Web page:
B.C. Social Development Minister Michelle Stilwell calls the change fairer for those who don’t use transit
People with disabilities in B.C. no longer have to pay a $45 annual administrative fee for a fee-reduced bus pass program. (gillmar/Shutterstock)
After months of public pressure, the provincial government has scrapped a $45 annual bus pass fee for people with disabilities — but critics say the change doesn’t go far enough.
“In the effect of trying to make it fair and equitable across the board, it seemed like a disadvantage for those that wanted to receive a bus pass to have an administrative fee,” said Minister of Social Development Michelle Stilwell.
In its last budget, the province raised assistance payments for people with disabilities by $77 per month, but started charging $52 per month for a monthly bus pass that had previously only cost an annual $45 administrative fee.
Prior to the revision, the disability assistance rate had not been increased for nine years.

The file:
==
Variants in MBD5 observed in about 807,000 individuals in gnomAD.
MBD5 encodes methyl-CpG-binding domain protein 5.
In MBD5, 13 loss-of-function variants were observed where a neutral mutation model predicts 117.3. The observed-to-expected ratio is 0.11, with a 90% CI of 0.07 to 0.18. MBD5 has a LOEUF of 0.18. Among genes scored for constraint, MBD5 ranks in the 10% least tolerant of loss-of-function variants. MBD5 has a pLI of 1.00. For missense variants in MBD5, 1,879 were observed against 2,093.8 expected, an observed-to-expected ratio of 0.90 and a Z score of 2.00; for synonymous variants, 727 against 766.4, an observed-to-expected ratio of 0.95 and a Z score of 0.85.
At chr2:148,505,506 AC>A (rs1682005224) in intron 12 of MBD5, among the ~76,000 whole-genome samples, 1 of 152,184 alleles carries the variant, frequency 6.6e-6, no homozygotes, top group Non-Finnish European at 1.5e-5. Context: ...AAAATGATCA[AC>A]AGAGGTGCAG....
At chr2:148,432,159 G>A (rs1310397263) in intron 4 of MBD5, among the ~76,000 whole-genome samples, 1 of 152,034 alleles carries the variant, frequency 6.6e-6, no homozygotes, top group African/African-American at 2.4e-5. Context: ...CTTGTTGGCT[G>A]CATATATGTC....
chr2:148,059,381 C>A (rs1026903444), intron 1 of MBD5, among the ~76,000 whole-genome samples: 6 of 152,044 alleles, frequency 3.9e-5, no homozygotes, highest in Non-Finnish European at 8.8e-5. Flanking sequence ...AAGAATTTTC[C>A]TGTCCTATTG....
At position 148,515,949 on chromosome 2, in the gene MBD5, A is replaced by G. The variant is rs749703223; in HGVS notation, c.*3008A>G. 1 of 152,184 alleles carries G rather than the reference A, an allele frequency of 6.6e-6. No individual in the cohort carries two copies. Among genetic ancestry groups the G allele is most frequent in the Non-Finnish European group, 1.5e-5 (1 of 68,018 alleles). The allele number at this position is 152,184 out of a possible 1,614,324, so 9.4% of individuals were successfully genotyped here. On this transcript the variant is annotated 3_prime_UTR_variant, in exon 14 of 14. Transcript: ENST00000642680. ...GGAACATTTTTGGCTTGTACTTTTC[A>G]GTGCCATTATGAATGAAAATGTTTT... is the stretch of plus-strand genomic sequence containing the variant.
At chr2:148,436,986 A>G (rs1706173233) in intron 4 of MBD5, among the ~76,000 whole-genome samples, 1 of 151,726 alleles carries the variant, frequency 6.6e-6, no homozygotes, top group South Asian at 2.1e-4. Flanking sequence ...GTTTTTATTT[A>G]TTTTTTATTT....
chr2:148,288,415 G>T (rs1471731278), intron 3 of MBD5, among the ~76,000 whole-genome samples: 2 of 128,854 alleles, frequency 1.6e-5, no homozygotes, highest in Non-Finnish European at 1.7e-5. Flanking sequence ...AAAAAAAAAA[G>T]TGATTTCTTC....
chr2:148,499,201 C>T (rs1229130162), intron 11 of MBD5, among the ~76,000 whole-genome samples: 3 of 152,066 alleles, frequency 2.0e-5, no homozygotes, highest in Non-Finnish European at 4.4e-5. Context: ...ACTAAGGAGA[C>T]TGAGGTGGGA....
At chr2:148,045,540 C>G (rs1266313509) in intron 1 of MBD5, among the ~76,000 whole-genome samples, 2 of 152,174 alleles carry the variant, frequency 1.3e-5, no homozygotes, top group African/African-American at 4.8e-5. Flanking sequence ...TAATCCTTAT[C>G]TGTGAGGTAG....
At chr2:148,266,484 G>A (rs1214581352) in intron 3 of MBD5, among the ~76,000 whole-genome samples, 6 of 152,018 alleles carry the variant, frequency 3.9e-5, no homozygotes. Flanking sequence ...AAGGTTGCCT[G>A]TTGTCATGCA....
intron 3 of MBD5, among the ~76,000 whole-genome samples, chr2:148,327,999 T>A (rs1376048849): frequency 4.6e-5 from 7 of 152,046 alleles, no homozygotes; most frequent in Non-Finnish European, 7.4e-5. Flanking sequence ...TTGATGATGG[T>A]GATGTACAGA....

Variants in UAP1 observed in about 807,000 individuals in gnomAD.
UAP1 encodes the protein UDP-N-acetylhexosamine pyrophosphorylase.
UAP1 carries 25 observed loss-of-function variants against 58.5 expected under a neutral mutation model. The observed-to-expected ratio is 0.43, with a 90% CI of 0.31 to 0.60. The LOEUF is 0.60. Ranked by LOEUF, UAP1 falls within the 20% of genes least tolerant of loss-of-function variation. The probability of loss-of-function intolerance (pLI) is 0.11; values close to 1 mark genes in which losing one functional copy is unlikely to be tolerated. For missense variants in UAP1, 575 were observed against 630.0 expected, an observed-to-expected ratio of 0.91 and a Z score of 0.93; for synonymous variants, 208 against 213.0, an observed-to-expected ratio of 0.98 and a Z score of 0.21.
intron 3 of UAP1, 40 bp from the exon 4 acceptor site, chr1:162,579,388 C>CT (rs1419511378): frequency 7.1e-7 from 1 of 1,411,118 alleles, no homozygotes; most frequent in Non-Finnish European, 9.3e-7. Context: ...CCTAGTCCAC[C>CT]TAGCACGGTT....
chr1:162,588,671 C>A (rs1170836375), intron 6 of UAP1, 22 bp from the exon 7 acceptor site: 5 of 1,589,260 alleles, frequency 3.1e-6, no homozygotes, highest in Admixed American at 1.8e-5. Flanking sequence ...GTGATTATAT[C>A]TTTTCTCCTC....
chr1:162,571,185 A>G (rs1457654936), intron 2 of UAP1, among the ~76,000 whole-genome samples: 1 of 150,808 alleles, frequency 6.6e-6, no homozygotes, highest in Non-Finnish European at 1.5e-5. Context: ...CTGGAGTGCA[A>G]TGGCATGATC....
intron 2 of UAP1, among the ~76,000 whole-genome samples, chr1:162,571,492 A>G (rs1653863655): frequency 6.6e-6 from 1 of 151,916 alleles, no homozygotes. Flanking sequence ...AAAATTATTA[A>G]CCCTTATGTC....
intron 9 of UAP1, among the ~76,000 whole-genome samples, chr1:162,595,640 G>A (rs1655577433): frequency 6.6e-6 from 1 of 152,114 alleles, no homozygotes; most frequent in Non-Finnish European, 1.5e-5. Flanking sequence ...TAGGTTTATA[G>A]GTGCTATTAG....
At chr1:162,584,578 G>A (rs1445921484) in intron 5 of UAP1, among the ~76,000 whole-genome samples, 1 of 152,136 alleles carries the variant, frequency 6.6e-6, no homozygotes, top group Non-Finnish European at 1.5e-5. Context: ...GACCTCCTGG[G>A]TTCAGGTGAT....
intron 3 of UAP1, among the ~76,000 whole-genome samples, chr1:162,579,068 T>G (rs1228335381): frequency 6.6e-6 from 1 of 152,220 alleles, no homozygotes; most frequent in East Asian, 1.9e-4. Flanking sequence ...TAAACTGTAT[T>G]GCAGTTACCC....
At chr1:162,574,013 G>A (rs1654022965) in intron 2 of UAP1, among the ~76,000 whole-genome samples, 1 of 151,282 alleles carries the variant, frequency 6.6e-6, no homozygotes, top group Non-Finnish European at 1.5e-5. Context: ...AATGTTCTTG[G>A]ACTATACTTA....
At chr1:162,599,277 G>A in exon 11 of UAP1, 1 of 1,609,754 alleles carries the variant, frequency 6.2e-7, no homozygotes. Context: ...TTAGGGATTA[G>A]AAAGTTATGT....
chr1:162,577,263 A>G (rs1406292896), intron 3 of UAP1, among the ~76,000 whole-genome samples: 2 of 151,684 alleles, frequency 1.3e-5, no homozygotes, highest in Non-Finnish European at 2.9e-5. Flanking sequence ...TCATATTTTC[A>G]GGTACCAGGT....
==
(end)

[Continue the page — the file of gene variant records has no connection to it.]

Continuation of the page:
The Liberals argued the changes made the benefits more equitable for the roughly 50,000 people on disability assistance who live in communities where there is no access to consistent public transit.
“I quite frankly think we’re not being listened to at all,” said Inclusion B.C. Executive Director Faith Bodnar.
“They chose to do something that has little impact and really doesn’t get to core of the problems, which is incredibly low PWD rates.”
Bodnar says the government needs to commit to long-term assistance funding for persons with disabilities.
A petition to raise the rates for people with disabilities and keep the bus pass fees as they were has garnered more than 15,000 signatures
By: Maryse Zeidler and Richard Zussman, CBC News